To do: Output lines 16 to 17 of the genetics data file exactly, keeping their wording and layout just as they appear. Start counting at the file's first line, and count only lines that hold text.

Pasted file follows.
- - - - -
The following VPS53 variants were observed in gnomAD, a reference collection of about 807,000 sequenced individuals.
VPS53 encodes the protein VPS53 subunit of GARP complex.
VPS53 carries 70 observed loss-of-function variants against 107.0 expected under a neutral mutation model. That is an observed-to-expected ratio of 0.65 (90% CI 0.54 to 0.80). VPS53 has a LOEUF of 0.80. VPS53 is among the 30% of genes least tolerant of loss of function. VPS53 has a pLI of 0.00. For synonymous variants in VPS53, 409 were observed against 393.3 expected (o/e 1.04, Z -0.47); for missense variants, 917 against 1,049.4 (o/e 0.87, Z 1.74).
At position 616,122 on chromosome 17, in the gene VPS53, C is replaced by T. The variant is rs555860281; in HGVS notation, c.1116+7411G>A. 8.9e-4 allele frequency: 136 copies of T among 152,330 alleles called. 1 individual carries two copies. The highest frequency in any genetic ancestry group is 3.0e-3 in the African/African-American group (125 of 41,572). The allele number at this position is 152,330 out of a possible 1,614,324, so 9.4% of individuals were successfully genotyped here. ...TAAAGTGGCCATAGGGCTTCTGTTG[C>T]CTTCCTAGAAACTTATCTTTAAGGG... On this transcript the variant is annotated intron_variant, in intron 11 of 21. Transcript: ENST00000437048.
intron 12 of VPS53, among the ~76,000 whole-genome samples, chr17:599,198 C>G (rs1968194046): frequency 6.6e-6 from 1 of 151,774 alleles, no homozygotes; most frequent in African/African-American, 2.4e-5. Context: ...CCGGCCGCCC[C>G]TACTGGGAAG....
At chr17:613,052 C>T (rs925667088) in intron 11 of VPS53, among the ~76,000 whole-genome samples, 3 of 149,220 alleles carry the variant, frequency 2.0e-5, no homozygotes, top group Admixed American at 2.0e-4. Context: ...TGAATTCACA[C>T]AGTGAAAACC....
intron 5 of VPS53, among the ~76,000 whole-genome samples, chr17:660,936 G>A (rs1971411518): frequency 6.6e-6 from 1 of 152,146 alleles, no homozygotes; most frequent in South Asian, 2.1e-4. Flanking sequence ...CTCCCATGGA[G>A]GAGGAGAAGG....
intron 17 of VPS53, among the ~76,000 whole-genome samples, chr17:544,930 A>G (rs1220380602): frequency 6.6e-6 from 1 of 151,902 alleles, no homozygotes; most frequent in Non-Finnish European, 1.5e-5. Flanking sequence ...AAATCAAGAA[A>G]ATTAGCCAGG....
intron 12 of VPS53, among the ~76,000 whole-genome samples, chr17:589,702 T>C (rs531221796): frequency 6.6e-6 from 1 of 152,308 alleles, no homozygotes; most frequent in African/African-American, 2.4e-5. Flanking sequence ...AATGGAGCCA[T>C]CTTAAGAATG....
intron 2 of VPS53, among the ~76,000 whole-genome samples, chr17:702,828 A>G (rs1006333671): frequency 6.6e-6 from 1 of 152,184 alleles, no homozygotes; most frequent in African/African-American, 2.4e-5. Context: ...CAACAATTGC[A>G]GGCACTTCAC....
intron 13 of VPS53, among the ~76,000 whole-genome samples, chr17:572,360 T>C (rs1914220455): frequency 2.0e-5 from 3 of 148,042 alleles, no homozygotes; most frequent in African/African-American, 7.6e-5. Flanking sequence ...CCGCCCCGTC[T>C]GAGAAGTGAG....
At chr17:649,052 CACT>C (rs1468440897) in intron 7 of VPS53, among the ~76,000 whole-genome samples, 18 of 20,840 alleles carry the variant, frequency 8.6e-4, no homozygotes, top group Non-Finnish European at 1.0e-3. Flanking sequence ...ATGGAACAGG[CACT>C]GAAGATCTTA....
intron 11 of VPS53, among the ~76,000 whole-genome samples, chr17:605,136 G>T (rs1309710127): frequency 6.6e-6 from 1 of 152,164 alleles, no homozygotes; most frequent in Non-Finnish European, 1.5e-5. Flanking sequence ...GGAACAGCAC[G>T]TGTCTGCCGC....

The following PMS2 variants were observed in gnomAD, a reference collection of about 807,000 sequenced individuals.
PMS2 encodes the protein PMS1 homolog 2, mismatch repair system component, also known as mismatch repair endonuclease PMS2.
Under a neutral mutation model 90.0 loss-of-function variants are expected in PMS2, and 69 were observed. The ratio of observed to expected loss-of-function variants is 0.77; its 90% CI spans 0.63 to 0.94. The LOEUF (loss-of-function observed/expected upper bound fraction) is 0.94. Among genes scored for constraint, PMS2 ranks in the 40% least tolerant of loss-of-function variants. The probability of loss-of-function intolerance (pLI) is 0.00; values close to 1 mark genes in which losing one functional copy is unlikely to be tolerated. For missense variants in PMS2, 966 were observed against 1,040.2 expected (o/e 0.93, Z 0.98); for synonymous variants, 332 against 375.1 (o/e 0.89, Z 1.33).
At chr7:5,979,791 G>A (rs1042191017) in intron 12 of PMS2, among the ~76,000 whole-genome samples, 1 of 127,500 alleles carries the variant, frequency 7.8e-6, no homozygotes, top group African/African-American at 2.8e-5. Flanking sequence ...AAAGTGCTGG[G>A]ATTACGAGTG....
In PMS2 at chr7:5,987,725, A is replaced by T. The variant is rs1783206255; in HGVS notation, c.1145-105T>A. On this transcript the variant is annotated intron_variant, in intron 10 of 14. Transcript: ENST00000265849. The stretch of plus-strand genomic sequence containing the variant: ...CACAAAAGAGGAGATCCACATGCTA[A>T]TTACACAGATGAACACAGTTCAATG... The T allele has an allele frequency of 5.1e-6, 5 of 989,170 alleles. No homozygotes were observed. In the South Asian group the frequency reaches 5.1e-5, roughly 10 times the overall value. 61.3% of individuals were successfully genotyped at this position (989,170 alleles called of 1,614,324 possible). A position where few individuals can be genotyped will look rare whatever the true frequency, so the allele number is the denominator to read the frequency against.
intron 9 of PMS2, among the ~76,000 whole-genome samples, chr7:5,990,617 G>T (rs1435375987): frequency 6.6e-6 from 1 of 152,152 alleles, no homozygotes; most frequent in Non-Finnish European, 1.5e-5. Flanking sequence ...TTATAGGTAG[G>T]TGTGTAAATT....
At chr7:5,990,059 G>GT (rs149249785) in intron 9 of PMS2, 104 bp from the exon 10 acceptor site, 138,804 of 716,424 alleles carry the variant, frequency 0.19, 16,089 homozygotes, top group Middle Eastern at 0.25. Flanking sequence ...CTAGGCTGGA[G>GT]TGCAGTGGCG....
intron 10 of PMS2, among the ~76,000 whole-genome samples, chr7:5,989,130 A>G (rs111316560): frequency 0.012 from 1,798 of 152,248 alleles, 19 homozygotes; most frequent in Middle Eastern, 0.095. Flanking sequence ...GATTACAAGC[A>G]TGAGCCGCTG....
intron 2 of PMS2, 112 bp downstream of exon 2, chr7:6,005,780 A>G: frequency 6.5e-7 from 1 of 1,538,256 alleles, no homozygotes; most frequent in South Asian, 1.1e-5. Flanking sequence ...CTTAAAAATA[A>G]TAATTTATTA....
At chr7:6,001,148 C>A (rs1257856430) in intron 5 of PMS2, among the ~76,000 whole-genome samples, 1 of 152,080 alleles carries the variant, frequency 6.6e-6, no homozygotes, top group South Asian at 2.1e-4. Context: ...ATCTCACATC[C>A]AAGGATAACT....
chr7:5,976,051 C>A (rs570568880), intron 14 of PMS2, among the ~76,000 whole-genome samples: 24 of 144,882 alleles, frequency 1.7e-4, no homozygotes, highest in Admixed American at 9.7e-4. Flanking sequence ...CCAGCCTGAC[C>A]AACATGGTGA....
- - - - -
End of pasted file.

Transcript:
Under a neutral mutation model 90.0 loss-of-function variants are expected in PMS2, and 69 were observed. The ratio of observed to expected loss-of-function variants is 0.77; its 90% CI spans 0.63 to 0.94. The LOEUF (loss-of-function observed/expected upper bound fraction) is 0.94. Among genes scored for constraint, PMS2 ranks in the 40% least tolerant of loss-of-function variants. The probability of loss-of-function intolerance (pLI) is 0.00; values close to 1 mark genes in which losing one functional copy is unlikely to be tolerated. For missense variants in PMS2, 966 were observed against 1,040.2 expected (o/e 0.93, Z 0.98); for synonymous variants, 332 against 375.1 (o/e 0.89, Z 1.33).
At chr7:5,979,791 G>A (rs1042191017) in intron 12 of PMS2, among the ~76,000 whole-genome samples, 1 of 127,500 alleles carries the variant, frequency 7.8e-6, no homozygotes, top group African/African-American at 2.8e-5. Flanking sequence ...AAAGTGCTGG[G>A]ATTACGAGTG....